Filmmaker, community garden activist, and feminist theorist Ella von der Haide will be screening two new films about agro-ecology and community gardening, titled “Community Gardens in the US” and “Seed Saving, Seed Activism and Seed Legislation.”

Reading Responses: Coding

kricherson Says:
October 31st, 2011 at 2:44 pm edit

Coming from a science background, I had some difficulty with this section of Glaser and Strauss’ book. Again, perhaps because I know little about sociology or sociological theory, I was confused by some of their (seemingly foundational) assertions. They write that in comparative analysis, “[n]othing is disproved or debunked, despite that those who are overly concerned with evidence constantly believe” (22) and that the evidence theories are based on “…may not necessarily be accurate beyond a doubt…but the concept is undoubtedly a relevant theoretical abstraction about what is going on in the area studied” (23). Continue Reading Reading Responses: Coding

Broader Impacts?

There was an interesting piece in Science last week about the long-running debates around the meaning and purpose of the “Broader Impacts” requirement on NSF grant applications. The article does a good job of articulating the complaints of scientists doing “basic” science that seems to far removed from “applications” to have anything meaningful to say about societal impacts. But it doesn’t ask whether such requirements over time force applicants to actually change their practices. Continue Reading Broader Impacts?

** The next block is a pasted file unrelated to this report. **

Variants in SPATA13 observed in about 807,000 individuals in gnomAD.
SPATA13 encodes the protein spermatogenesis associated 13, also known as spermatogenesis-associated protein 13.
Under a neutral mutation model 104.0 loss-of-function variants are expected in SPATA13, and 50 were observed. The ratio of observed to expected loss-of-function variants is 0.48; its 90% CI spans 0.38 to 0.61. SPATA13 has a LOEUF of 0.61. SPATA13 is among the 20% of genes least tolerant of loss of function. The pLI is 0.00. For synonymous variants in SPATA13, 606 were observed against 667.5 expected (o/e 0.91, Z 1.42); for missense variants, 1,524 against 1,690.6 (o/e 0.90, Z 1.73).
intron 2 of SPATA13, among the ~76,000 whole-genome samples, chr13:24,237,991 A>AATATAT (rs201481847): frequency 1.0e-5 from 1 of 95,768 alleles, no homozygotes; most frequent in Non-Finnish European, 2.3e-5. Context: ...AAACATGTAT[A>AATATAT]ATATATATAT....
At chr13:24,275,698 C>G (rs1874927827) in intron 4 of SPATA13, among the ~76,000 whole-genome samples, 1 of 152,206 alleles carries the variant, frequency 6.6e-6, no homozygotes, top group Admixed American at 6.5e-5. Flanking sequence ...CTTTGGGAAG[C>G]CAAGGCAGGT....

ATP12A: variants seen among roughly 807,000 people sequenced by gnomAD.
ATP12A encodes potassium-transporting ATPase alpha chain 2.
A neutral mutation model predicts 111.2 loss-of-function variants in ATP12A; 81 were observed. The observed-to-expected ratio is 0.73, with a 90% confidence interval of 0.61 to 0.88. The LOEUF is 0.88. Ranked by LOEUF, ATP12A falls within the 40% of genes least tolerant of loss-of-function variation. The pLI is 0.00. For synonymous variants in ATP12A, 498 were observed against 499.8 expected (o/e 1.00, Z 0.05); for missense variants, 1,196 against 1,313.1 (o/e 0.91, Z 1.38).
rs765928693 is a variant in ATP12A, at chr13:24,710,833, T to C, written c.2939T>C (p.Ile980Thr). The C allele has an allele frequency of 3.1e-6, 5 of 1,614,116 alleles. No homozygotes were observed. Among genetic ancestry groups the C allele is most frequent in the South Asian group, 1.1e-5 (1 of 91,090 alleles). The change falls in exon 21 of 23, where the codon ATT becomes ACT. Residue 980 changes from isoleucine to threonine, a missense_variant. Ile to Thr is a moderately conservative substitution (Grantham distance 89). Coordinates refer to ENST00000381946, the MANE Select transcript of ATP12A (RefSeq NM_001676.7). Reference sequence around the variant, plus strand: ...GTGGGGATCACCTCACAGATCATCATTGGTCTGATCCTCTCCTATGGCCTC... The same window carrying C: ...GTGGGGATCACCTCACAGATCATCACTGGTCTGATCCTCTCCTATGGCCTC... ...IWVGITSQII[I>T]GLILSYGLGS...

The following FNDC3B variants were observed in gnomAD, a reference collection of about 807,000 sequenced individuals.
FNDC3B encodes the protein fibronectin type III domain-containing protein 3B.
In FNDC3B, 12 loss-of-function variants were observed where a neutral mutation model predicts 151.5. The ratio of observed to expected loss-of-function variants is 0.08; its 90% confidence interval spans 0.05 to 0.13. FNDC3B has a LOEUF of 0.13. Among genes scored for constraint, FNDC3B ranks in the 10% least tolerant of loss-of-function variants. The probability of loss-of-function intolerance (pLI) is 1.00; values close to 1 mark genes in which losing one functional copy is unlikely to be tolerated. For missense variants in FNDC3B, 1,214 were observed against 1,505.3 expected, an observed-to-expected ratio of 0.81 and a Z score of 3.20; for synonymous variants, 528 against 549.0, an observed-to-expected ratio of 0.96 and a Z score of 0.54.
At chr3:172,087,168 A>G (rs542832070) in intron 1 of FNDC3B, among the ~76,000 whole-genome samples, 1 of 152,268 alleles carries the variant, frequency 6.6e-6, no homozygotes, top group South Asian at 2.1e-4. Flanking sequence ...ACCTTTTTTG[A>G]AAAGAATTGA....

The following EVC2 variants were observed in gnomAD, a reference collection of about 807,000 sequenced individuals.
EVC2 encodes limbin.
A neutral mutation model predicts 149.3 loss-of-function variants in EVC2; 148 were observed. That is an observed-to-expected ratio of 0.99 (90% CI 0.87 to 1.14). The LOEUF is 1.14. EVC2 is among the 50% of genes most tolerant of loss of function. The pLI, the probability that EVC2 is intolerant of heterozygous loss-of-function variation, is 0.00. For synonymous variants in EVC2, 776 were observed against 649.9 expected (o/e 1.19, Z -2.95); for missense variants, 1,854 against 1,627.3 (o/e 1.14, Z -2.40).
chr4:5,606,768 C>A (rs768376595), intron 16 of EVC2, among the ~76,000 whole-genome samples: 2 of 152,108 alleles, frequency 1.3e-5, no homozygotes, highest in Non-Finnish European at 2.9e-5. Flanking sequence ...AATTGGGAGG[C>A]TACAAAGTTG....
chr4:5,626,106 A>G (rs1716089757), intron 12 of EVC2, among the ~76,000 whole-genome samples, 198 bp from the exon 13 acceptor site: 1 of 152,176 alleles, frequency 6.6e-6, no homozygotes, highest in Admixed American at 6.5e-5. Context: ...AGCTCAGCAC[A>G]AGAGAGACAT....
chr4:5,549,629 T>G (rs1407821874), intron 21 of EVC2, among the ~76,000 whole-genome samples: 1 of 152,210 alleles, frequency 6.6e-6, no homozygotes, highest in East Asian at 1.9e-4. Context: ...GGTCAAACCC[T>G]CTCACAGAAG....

Reading Responses: Interviewing

koverstreet Says:
October 17th, 2011 at 12:49 am edit

While reading Chapter 5 of Jenny Reardon’s Race to the Finish: Identity and Governance in an Age of Genomics, I was particularly intrigued by the debates over representation and informed consent/ choice. There are multiple senses of representation at work here that I’d like to draw out and perhaps we can have further discussion about them in class. The first sense of representation is reminiscent of the Latour piece we read in the spring, in which he critiques the view of science as “merely” recording the ontological reality of the world. Continue Reading Reading Responses: Interviewing

Reading Responses: Situational Mapping

akargl Says:
October 10th, 2011 at 5:12 pm edit

I absolutely devoured these readings. I found it extremely useful for the stage I’m at with my project. Also, in commencing to create maps of my project, I appreciated Star & Bowker for, among other things, explicitly implicating the maps we’re about to make in the web of things the maps will organize. (I’m imagining some sort of M.C. Escher-inspired bubble embedding the whole map within itself.) Rather than discuss all that I found wonderfully useful (which I think just seems harder right now because I’m anxious to try stuff out), I want to draw out three areas I needed more help with:Continue Reading Reading Responses: Situational Mapping

Of Interest: Lisa Jean Moore to present annual Baskin Ethics Lecture

Lisa Jean Moore, professor of sociology and gender studies at Purchase College, State University of New York, will deliver the second annual Peggy Downes Baskin Ethics Lecture on Wednesday, October 19.

The lecture will take place at 5:30 p.m. in UCSC’s Humanities 1 Building (room 210). Admission is free and open to the public. A reception will follow at 6:30 p.m.Continue Reading Of Interest: Lisa Jean Moore to present annual Baskin Ethics Lecture